The Exodus begins with a brisk walk to Succoth, followed by a supernaturally fast day-and-night journey to Etham. It’s there they realize the wide flat desert road they’d followed around the edges of the Sinai Peninsula suddenly ends.
My characters’ intention is to take the far southern route from Succoth, through Etham, and all the way up to what is now Eilat, at the northern tip of the eastern branch (the Gulf of Aqaba) of the Rea Sea. From there they can either continue north into the heart of what is now Israel or first go southeast into Midian (where Moses’ wife and sons are).
Their plan was a route that could handle tens of thousands of people, large amounts of livestock, and wagons. While being one where they were unlikely to encounter Pharaoh’s soldiers (the Sinai Peninsula was part of the territory of Ancient Egypt and Pharaoh operated mines in the central portion).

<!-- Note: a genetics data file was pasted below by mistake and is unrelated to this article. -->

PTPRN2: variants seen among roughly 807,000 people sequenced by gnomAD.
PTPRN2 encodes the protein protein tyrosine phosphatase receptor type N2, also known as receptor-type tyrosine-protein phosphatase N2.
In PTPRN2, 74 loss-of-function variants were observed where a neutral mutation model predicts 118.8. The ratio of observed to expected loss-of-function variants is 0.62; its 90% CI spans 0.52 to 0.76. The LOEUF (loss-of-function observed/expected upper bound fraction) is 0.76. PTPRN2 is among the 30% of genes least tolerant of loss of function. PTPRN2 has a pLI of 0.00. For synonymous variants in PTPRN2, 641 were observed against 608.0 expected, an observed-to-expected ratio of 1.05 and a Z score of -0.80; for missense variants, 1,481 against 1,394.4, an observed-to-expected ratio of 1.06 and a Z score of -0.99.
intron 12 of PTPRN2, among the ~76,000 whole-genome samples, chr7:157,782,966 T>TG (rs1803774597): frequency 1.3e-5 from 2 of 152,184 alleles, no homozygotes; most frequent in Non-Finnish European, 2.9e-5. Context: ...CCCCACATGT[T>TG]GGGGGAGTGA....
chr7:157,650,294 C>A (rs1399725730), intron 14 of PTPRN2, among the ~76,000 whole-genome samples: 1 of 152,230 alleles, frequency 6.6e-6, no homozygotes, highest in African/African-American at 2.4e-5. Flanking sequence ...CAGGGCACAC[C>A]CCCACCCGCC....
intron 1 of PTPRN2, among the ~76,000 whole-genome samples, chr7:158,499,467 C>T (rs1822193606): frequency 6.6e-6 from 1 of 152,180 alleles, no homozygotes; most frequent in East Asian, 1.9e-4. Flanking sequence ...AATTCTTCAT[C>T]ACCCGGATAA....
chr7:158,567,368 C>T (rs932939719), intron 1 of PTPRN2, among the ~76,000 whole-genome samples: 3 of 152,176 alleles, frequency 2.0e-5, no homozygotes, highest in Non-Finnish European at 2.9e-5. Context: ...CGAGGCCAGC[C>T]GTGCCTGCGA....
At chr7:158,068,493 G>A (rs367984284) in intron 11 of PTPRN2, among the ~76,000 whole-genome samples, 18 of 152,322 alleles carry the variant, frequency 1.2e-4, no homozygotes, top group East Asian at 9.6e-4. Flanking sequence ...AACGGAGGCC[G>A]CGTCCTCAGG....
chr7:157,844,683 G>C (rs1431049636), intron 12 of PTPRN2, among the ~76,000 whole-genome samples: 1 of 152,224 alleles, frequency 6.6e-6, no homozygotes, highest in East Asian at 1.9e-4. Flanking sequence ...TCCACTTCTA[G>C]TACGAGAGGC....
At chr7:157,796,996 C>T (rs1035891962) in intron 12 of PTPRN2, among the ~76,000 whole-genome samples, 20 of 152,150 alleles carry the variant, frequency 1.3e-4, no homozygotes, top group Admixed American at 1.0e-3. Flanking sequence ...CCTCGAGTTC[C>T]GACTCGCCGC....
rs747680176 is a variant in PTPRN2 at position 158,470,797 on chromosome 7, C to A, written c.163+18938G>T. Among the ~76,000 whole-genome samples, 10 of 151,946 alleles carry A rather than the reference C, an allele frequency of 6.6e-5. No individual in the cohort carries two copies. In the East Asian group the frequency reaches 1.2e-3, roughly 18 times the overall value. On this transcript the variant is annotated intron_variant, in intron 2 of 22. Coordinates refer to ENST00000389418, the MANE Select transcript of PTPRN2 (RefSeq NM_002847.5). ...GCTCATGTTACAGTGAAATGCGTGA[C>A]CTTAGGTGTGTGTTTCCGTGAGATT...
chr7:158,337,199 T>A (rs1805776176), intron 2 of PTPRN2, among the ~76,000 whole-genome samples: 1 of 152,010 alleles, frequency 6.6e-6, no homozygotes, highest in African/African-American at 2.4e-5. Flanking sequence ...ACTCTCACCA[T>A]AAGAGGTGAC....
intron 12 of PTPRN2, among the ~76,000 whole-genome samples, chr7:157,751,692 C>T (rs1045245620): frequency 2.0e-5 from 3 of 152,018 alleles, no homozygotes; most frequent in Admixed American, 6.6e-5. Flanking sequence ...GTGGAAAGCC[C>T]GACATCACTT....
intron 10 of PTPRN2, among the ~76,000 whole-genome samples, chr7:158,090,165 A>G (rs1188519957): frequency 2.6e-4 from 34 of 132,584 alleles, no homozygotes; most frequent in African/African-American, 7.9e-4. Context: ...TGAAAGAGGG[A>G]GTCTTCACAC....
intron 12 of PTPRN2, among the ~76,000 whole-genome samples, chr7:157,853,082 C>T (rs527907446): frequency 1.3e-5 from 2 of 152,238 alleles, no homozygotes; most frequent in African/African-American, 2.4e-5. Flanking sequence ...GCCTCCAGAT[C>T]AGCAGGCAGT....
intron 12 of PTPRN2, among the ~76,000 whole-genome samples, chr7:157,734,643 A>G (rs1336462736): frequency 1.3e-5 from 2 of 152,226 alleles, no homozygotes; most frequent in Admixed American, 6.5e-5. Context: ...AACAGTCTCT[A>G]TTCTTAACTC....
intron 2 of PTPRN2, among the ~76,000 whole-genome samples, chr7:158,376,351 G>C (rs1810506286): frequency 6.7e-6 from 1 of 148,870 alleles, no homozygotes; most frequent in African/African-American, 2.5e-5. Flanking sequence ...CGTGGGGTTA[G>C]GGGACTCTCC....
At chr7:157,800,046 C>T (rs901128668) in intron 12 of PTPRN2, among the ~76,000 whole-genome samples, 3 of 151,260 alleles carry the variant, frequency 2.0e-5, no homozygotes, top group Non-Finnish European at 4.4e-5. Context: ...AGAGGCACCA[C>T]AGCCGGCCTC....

They avoid the northern road along the Mediterranean (the Way of the Philistines) because it was crowded with soldiers (and they would “see war” and turn back). They avoid the central road (the Kings Road that touches both northern tips of the Red Sea) because of soldiers and mountains. The coastal road was flat and deserted.
Unfortunately, their way was blocked due to the terrain and they had to turn back then head south about 12 miles to Pi-Hahiroth at the Straits of Tiran.
They traveled from Succoth, and they encamped in Etham, at the edge of the desert….
The Lord spoke to Moses, saying,
Speak to the children of Israel, and let them turn back and encamp in front of Pi hahiroth, between Migdol and the sea; in front of Baal Zephon, you shall encamp opposite it, by the sea.
And Pharaoh will say about the children of Israel, They are trapped in the land. The desert has closed in upon them.Exodus 13:20 and 14:1-3